Robert Forster: Songs To Play

Videos by American Songwriter

Videos by American Songwriter

TR324_RobertForster_rgb_sh

Robert Forster
Songs to Play
(Tapete)
Rating: 4 out of 5 stars

The sixth solo shot from ex-Go-Betweens co-founder Forster comes seven years after his previous disc and nine after the untimely death of his long time songwriting partner Grant McLennan. Somewhat more upbeat and friskier than 2008’s not surprisingly melancholy The Evangelist (the first release after McLennan’s passing), Forster’s songs remain pensive, beautifully conceived and subtly produced.

Tracks such as the Brazilian tropicalia of “Love is Where it Is” and the jaunty, self-deprecating “I Love Myself and I Always Have” display wry humor and lyrical fleetness, qualities that haven’t typically been a side of Forster he has explored on his own work. There’s a relaxed vibe to these tunes most evident in the cascading guitar run of “Let Me Imagine You” and the low key yet peppy “I’m So Happy for You,” arguably this set’s most optimistic and cheerful moment.  You can almost see the generally resolved and introspective Australian singer/songwriter smiling on performances like “Songwriters on the Run,” the humorous, tongue-in-cheek tale of two songwriting prisoners who have just broken out of jail. The opening “Turn it Up” seems like the best song the Velvet Underground never wrote and surprises like the mariachi trumpet in “A Poet Walks” keeps listeners on their toes.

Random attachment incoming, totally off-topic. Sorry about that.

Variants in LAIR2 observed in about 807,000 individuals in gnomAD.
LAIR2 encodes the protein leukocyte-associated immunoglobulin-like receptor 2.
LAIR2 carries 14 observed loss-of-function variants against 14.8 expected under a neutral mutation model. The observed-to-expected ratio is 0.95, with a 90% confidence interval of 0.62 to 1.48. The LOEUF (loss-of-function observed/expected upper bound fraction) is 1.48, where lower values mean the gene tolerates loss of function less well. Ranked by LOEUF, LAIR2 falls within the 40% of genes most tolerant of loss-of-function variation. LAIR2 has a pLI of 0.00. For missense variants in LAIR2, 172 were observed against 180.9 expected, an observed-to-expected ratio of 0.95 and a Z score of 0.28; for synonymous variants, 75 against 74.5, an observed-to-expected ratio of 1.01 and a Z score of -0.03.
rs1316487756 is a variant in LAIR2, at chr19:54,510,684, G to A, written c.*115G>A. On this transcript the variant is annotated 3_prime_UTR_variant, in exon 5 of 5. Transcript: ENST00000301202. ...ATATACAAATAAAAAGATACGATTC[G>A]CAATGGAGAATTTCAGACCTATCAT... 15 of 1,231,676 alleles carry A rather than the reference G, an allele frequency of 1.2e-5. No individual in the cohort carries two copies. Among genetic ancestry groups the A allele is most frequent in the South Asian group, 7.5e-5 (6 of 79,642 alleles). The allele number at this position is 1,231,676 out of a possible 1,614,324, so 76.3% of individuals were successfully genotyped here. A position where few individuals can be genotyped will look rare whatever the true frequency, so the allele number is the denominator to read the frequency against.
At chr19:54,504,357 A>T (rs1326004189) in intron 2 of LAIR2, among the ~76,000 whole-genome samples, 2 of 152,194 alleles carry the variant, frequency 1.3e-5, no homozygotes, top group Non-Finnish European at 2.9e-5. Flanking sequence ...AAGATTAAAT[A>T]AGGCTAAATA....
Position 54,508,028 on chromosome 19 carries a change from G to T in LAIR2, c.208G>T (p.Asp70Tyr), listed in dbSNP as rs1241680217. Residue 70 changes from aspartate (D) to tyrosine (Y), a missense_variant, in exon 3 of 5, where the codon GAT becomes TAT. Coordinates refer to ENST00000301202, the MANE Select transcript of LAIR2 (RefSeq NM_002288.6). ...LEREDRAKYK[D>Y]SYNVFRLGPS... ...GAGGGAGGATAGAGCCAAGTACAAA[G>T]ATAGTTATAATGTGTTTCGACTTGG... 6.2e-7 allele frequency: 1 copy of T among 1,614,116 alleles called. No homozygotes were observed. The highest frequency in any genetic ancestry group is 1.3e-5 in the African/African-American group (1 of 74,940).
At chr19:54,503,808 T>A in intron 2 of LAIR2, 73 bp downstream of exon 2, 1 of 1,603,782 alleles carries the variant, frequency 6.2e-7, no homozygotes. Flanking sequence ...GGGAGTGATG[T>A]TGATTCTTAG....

Forster’s bone dry, spoken/sung vocals, somewhere between Lou Reed, Ray Davies and the Dream Syndicate’s Steve Wynn, are perfectly suited to the gently flowing tunes, all ten of which fly by in a brisk yet never rushed 40 minutes. Songs to Play may not be as incandescent and life affirming as the best of the wonderful Go-Betweens but at times it gets close, which is high praise indeed. Let’s hope it doesn’t take another seven years for the once prolific Forster to follow it up. 

One Comment

Leave a Reply

Leave a Reply

Daily Discovery: Trapdoor Social, “Fine On My Own”

Iris Dement: The Letting Go